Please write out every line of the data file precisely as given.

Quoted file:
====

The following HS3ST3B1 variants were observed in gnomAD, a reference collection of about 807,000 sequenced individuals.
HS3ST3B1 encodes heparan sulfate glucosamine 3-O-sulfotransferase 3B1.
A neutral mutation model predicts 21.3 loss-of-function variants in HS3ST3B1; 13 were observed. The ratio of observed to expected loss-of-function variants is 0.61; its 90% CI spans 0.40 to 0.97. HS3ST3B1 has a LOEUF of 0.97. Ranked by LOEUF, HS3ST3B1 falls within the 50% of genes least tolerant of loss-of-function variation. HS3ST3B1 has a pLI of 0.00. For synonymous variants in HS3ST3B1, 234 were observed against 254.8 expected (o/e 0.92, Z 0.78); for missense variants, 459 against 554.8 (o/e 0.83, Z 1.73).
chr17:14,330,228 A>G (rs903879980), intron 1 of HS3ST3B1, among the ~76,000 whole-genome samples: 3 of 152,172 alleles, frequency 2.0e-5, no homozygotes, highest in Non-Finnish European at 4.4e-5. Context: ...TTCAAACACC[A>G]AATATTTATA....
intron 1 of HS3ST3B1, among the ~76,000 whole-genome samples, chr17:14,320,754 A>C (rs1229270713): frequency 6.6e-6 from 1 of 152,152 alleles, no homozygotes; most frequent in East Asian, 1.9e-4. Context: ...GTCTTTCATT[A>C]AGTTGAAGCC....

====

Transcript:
The following HS3ST3B1 variants were observed in gnomAD, a reference collection of about 807,000 sequenced individuals.
HS3ST3B1 encodes heparan sulfate glucosamine 3-O-sulfotransferase 3B1.
A neutral mutation model predicts 21.3 loss-of-function variants in HS3ST3B1; 13 were observed. The ratio of observed to expected loss-of-function variants is 0.61; its 90% CI spans 0.40 to 0.97. HS3ST3B1 has a LOEUF of 0.97. Ranked by LOEUF, HS3ST3B1 falls within the 50% of genes least tolerant of loss-of-function variation. HS3ST3B1 has a pLI of 0.00. For synonymous variants in HS3ST3B1, 234 were observed against 254.8 expected (o/e 0.92, Z 0.78); for missense variants, 459 against 554.8 (o/e 0.83, Z 1.73).
chr17:14,330,228 A>G (rs903879980), intron 1 of HS3ST3B1, among the ~76,000 whole-genome samples: 3 of 152,172 alleles, frequency 2.0e-5, no homozygotes, highest in Non-Finnish European at 4.4e-5. Context: ...TTCAAACACC[A>G]AATATTTATA....
intron 1 of HS3ST3B1, among the ~76,000 whole-genome samples, chr17:14,320,754 A>C (rs1229270713): frequency 6.6e-6 from 1 of 152,152 alleles, no homozygotes; most frequent in East Asian, 1.9e-4. Context: ...GTCTTTCATT[A>C]AGTTGAAGCC....